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The benefits of volunteering
Yeesi's volunteer Hannah 30.7.2019
For many, the idea of volunteering abroad can seem quite daunting. Change, new situations and the unknown can be scary for everyone, especially for those who suffer a mental illness. However, I’ve found that volunteering can also be extremely liberating. After spending two months volunteering in Poland I felt happier, more relaxed and more able to communicate with others. I think that often we forget that breaking out of our routine, placing ourselves in new positions and opening ourselves up to new opportunities can offer us so much joy and freedom. Opportunities like volunteering cannot only help others but also ourselves, our own self-motivated therapy. Here are some of the reasons I believe that volunteering can increase our happiness and improve our mental health.
Firstly, volunteering gives us a purpose. Usually volunteers are needed for very important reasons, whether those would be to help others or to help our planet. Sometimes we may feel as though we aren’t truly doing anything meaningful, perhaps if you are unemployed or in a job where you can’t see the outcome or benefits. This feeling of meaningless or unimportance can demotivate us and decrease our idea of self-worth. However, knowing that your work can have a big impact on others can give you energy, enthusiasm and more self-confidence. This is especially true if you volunteer for a cause that you are passionate about and there are endless options for you to choose from. Volunteering can also lead to job opportunities, either directly through that company or access to other sectors due to the skills and experience you have gained.
Another reason volunteering can improve mental health is that it exposes you to situations you may find uncomfortable. Part of a mental illness, especially with phobias, is avoidance. Avoiding situations that scare us such as going to a new place or meeting new people may seem like the easiest and best option, but in fact it is the worst thing that we can do. By exposing ourselves to a situation which is out of our comfort zone, we are slowly challenging any irrational thoughts we may have. Of course, this should be approached carefully and quite slowly, but if there is a part of you which desires to do something and believes that despite the fear, you could manage, then why not go for it? Perhaps take a friend or family member with you or volunteer in your own country first. After leaving your comfort zone you can feel perhaps some pride and confidence and it will be easier for you to leave that comfort zone next time. In the majority of organisations, volunteers will have access to any support that they may need. From volunteering, I have gained so much self-confidence as I have achieved things, I never thought I would and used skills I never knew I had.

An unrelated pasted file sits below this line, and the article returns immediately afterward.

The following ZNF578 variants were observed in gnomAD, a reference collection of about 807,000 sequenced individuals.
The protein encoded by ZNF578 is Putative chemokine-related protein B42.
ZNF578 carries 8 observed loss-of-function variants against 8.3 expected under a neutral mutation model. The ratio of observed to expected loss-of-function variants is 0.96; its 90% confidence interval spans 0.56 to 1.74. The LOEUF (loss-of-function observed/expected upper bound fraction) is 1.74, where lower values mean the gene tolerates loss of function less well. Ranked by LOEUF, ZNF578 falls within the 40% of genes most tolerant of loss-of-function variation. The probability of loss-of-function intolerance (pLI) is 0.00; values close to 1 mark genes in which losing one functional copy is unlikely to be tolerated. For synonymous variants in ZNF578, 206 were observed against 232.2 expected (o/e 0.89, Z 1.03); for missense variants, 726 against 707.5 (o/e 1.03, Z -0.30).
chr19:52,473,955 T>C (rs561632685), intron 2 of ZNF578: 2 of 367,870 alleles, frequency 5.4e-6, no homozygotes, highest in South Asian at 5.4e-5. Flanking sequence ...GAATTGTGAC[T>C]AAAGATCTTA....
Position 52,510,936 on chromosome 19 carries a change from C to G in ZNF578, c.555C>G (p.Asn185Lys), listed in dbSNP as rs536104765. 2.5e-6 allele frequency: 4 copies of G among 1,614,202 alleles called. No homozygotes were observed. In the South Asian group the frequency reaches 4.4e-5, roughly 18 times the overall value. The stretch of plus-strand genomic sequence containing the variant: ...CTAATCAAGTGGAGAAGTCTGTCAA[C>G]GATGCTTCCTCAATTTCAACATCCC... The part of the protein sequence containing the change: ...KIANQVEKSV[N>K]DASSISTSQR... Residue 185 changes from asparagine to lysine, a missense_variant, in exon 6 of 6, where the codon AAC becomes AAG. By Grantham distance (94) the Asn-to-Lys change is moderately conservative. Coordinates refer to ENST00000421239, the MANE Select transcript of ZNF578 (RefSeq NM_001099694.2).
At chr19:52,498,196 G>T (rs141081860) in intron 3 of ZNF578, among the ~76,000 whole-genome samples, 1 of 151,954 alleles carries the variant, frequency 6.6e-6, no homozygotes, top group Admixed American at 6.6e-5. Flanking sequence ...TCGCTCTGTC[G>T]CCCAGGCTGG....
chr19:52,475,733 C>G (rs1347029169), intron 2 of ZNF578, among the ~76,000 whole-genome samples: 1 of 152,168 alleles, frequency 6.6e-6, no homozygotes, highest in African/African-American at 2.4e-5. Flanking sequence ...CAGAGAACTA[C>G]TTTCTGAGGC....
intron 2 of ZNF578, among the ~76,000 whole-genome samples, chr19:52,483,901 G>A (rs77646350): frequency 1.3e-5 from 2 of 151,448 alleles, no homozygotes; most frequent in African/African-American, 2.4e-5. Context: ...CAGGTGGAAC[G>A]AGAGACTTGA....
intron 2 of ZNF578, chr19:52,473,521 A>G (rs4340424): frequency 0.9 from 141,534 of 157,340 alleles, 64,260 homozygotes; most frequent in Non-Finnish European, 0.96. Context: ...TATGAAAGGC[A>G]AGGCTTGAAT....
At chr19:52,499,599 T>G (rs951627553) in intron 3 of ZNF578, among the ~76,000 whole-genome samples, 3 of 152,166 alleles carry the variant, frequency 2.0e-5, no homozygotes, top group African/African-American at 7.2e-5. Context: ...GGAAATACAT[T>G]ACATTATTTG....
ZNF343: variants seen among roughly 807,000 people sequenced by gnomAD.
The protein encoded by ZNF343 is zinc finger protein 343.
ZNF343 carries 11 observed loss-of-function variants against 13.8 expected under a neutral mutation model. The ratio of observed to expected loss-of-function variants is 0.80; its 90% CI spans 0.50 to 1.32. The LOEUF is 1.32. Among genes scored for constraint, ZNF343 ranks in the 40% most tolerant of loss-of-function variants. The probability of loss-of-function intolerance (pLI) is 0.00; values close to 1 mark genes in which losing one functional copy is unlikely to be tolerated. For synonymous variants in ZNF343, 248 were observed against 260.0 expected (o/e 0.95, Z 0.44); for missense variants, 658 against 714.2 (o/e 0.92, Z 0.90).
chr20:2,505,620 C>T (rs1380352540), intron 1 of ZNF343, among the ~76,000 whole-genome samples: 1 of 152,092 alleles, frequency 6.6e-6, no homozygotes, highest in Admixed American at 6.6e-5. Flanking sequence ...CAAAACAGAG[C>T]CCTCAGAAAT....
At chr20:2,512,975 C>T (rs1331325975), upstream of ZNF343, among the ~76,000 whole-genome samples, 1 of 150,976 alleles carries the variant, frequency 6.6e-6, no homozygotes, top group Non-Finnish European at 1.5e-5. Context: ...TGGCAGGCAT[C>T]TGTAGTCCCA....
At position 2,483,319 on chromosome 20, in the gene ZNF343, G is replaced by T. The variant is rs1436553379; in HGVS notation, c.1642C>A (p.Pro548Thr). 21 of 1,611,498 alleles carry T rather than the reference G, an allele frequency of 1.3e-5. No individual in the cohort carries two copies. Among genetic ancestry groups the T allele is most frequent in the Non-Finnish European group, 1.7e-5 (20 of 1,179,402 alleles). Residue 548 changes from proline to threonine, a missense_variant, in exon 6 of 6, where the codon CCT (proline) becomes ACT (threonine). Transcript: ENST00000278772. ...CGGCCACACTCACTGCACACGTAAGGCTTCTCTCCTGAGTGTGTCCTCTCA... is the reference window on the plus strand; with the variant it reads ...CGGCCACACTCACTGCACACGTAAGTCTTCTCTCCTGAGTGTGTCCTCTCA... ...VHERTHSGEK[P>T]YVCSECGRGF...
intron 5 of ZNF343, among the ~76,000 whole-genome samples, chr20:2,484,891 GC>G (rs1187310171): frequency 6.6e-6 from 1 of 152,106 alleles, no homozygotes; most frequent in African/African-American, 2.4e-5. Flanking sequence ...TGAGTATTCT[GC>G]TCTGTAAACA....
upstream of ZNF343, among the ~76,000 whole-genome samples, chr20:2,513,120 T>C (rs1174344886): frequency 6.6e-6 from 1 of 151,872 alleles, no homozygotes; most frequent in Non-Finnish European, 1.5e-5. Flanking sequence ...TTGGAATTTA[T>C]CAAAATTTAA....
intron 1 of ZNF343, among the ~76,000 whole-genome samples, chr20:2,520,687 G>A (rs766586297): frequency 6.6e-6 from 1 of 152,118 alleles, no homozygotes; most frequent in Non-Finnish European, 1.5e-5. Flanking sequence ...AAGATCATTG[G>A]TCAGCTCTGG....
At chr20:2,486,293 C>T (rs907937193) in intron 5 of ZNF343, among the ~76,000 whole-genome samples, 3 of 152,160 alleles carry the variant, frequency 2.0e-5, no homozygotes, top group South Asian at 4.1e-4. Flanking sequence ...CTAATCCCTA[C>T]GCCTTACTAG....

Socialising is usually an important part of volunteering. Whether this is between volunteers, the people in charge of the organisations or the people we are helping. Talking to others is known to make us feel happier, more relaxed and gives us a better attitude. Usually volunteer projects attract lots of different people from many countries. This not only allows you to gain new perspectives but also helps to make you feel less judged and decreases the need to conform, as everyone will be very different. Especially if being in another country where the ‘norms’ are perhaps not the same as where you came from. This can be a nice break from a daily life as it allows a sense of freedom. I felt as though I could be myself more on volunteer projects as I didn’t feel any judgement towards me.
These are just a few of the many benefits of volunteering. Having a mental illness can make me feel trapped and incapable of being ‘normal’. Doing volunteering reminds me that mental illnesses do not define me, nor should they stop me from living the life I dream of. This sense of community and purpose from volunteering can show us that despite our struggles, we are valid members of society and we can achieve things that are important to us.